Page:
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Conditioning batterys

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Old 05-01-2014, 03:03 PM
  #1  
kamakazi
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Default Conditioning batterys

My wife works at the little Post Office in our town. They have a program that you download and then use the USB cable to patch to their battery powered gadgets. It conditions the batteries and makes them last a lot longer than if just charging and discharging. What a clever idea to use the puter to conditon your batteries. I better not give out the site where this app is located since it may be the property of the post office. Think of the possibilities, you could buy a big power supply for your puter, a 1000 watt one and charge and condition every battery you have at once. The program will accomodate 6 at once.
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Old 05-02-2014, 03:05 AM
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Rodney
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I'd be very cautious of this. First off, what type of battery? Different chemistry's will have drastically different requirements. Some types can not be recharged or conditioned once formed. Some types can be ruined by improper connections. As I said, be very cautious of such device unless you have access to the complete instruction manual that goes with it.
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Old 05-02-2014, 04:59 AM
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Rodney, the type of battery's are the ones used in cell phones and scanners. You have to have the batteries at 50% charge or more. You hook up each battery via patch cord to the USB port on the computer. After all is connected you hit 'start' and the computer does the rest. I have no intentions of using this method on my batteries, but what i wondered with all the electronic techo out there, if any of the charger manufacturers have looked at this. All of their batteries have to be "conditioned" at least once a month. Their computers are limited to 4 at a time since the power supply isn't capable of any more, but a larger capacity power supply could make it do 6 at a time.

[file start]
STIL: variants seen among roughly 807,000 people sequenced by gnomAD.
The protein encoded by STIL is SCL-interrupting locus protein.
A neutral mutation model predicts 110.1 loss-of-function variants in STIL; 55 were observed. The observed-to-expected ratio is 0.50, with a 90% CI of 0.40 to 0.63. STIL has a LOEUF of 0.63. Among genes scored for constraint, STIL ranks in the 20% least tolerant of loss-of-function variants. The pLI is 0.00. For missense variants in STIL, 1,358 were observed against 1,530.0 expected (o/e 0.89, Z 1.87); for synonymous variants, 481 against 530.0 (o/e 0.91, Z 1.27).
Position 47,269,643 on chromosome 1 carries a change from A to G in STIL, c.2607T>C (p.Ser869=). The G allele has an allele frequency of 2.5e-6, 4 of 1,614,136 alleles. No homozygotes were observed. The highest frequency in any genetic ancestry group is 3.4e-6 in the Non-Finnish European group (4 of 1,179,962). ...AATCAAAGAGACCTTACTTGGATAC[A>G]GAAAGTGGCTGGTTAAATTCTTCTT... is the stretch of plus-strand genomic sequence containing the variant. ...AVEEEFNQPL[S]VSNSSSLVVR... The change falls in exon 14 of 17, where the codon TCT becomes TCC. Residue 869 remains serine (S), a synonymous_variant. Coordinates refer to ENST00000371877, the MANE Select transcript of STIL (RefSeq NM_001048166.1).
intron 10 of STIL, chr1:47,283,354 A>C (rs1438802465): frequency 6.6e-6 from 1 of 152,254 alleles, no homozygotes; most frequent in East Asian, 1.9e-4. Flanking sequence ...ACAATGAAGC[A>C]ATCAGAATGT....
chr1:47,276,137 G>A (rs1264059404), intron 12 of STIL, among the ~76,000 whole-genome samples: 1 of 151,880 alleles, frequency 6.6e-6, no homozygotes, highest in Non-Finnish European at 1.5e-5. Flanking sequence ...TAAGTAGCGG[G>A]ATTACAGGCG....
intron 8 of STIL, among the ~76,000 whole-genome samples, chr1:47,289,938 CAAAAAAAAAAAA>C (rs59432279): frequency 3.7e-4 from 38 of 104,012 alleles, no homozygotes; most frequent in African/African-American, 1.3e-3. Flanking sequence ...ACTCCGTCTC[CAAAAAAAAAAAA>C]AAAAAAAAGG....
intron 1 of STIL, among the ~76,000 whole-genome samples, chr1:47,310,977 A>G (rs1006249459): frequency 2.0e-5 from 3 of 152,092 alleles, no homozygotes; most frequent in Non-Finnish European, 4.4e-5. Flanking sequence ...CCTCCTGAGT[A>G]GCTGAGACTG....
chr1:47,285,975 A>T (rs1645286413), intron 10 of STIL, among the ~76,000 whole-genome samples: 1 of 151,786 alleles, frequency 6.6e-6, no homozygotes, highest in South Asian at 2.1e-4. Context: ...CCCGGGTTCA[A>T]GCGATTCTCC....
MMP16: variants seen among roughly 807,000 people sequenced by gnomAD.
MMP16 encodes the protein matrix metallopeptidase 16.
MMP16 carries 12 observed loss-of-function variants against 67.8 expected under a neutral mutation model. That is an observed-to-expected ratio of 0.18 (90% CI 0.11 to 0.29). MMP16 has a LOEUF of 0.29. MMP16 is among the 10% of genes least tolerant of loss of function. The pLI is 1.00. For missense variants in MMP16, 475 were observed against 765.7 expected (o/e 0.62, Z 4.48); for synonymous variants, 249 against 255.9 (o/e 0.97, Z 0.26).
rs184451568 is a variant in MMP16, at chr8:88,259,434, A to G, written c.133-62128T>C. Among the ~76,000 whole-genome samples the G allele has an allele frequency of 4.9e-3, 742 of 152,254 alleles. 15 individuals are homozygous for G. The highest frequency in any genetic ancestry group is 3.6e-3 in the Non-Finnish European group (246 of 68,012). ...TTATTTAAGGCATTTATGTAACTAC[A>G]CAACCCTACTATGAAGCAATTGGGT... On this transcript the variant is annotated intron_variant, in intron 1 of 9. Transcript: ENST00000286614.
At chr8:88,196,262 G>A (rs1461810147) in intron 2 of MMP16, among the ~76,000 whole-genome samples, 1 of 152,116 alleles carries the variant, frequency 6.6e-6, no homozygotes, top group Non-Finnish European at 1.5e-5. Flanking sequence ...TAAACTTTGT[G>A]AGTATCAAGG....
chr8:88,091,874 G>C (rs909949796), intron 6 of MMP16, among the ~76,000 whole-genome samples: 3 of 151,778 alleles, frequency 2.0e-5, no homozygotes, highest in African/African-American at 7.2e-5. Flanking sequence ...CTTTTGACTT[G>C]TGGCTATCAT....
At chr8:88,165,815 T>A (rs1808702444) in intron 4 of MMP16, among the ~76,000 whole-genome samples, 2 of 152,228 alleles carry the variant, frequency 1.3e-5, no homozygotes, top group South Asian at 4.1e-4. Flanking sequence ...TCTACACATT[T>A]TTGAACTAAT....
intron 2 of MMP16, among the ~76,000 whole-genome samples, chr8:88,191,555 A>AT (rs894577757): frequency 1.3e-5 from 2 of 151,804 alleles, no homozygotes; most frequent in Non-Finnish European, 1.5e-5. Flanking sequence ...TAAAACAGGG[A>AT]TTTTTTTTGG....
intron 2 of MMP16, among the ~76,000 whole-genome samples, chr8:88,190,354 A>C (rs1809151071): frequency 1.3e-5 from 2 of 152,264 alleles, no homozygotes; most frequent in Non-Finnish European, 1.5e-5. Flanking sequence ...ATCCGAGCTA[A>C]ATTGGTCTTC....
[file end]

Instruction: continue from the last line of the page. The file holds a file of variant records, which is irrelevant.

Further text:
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Old 05-02-2014, 06:09 AM
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Sounds like a balance charger for lipos. They are most likely running things that use a 2 cell lithium battery and their chargers don't balance charge. I plug my phone and ipod into the computer all the time to charge them.
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Old 05-03-2014, 05:25 AM
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I charge my cell phone from the USB ports too, but there's no "conditioning" cycle, just the plain old 12 volts that all cell's and scanners use.
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Old 05-06-2014, 05:45 AM
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Phone batteries have a circuit board integrated into them to manage charging the lithium batteries. It monitors the voltage and shuts off the charge when it's complete. I can't imagine what computer program would be required to do that, since every cell phone on the market already has that as part of its design. A USB port can't do discharging or alter its voltage. It works off of the 5v power lead from the power supply.
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Old 05-06-2014, 06:03 AM
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There is a program out there, ask any post office employee, they'll tell you.
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Old 05-06-2014, 06:08 PM
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I'm not doubting you, kamakazi. I'm just stating the facts that battery management is built into the pack itself. I'm genuinely curious what this program does that our phones don't already do for themselves.
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Old 05-06-2014, 07:58 PM
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Conditioning batteries is basically a slow and gentle charge, and really a slow and gentle discharge. Phone and computer batteries don't have to pull serious current so the discharge part of the equation is often ignored. There is plenty of data out there to support all this, most of it geared toward smaller computer/phone batteries but the technology is the same.

Lithium ions are very reactive. They are so reactive they will react with the case or environment they are in if they don't have 'line of sight' to their destination. Forming charges for lithium batteries are slow to make sure that the lithium ions can arrange themselves properly - which is by voltage or energy. This allows the higher charged particles to get where they need to go rather than being blocked behind slower moving charges, in which case the highly charged particle may react with its environment (puffed packs are often a result of the ion reacting with the environment and releasing a gas). Again the information is all out there if you G search lithium battery forming charges or something similar.
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